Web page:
A qualitative study of social media and electronic communication among Canadian adolescent female soccer players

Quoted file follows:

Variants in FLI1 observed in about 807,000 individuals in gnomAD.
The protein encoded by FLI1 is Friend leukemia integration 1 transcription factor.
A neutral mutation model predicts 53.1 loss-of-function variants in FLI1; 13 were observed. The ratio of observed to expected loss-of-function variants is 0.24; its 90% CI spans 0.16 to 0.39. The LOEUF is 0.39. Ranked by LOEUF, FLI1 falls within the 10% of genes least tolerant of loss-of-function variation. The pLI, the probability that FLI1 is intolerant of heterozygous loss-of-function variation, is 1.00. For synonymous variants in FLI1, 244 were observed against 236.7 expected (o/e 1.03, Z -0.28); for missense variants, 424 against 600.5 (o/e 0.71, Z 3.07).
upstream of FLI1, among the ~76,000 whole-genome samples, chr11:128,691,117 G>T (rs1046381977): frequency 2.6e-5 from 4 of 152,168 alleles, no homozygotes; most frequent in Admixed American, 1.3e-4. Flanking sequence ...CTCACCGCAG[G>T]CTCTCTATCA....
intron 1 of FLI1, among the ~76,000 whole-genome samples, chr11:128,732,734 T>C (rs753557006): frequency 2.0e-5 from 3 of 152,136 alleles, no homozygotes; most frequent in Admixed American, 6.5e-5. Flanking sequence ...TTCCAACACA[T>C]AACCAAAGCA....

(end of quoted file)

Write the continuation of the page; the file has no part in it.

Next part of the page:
Adolescents communicate extensively with friends via electronic platforms such as texting and social media (Steeves, 2014). Social media use can have both positive and negative outcomes for adolescents' wellbeing and friendship quality, particularly in female populations (Twenge & Farley, 2021). Despite the prevalence of electronic communication in adolescents' lives, there has been less research exploring adolescent athletes' use of social media and electronic communication within a sport setting. Therefore, this research aimed to explore the impact of social media and electronic communication on female adolescent athletes' relationships within their sports team. Coaches, parents, and athletes (n = 22) from an Ontario soccer team took part in semi-structured interviews. Following qualitative content analysis (Elo & Kyngäs, 2008), four themes are presented: (a) athletes' use and perspectives of social media and electronic communication, (b) parent and coaches' perspectives of athletes' use of electronic communication, (c) building friendships and trust with teammates using electronic communication, and (d) the role of electronic communication in the formation of sub-groups. While adolescent athletes felt electronic communication was positive for team relationships, parents and coaches had several concerns about athletes' use of social media, particularly around the formation of 'cliques' in the soccer team. Youth sport organizations may wish to encourage athletes' use of electronic communication to foster teammate relationships, but may also need to consider safeguarding policies for the use of social media and electronic communication in youth sport settings.